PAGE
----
Characterising target selection effects in stellar surveys
Large scale stellar surveys are observing from thousands to millions of stars across the Galaxy in a quest to understand how the Milky Way has formed and evolved. However, to make sense of this all, dealing with survey selection functions (i.e. how targets are selected in a survey) and target selection effects (i.e. the likelihood that a star with certain parameters will pass a selection function) is becoming an increasingly important topic to derive unbiased inferences from the study of a large number of stars.
In this project, the student will learn how to use a stellar population model. For a given survey selection function in colour and magnitude space, a probability is return to observe stars of known age, chemical composition and distance. The goal is to develop the code further into a web interface, so that the astronomical community at large can use it, and apply it to most surveys.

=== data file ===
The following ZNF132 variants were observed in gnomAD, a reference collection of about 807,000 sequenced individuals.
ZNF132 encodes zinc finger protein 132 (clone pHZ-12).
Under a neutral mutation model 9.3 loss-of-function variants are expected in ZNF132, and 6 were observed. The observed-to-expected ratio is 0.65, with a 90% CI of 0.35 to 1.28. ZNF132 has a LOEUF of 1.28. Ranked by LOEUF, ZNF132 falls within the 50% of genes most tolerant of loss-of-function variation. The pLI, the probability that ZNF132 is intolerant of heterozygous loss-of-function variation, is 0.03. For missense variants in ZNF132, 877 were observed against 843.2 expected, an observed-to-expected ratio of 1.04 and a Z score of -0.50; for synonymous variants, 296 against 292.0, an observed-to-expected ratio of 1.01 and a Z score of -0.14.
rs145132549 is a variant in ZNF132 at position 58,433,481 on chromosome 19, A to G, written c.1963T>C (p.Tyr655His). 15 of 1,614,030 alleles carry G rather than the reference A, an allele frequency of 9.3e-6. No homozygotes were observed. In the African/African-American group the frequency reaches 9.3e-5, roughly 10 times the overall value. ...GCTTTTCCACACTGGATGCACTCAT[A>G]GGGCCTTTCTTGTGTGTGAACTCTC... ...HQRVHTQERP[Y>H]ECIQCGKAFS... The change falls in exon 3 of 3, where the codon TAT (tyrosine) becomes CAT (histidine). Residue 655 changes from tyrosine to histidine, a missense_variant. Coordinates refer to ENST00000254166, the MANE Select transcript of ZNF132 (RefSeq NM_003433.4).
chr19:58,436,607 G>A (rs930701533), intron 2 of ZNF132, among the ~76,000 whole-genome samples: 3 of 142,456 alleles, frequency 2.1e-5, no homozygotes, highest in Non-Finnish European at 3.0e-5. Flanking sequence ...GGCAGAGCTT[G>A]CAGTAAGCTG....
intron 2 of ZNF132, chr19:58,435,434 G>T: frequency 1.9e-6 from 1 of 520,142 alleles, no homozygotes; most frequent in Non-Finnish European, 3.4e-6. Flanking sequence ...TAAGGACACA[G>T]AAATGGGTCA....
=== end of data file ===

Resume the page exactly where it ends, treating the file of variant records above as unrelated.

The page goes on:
For more information about this potential research topic or activity, or to discuss any related research area, please contact the supervisor.
Caption to figure: Plot illustrating the probability of stars to be observed as function of metallicity [M/H] and distance (in parsecs) for two different selection functions of the GALAH survey (dubbed pilot and main).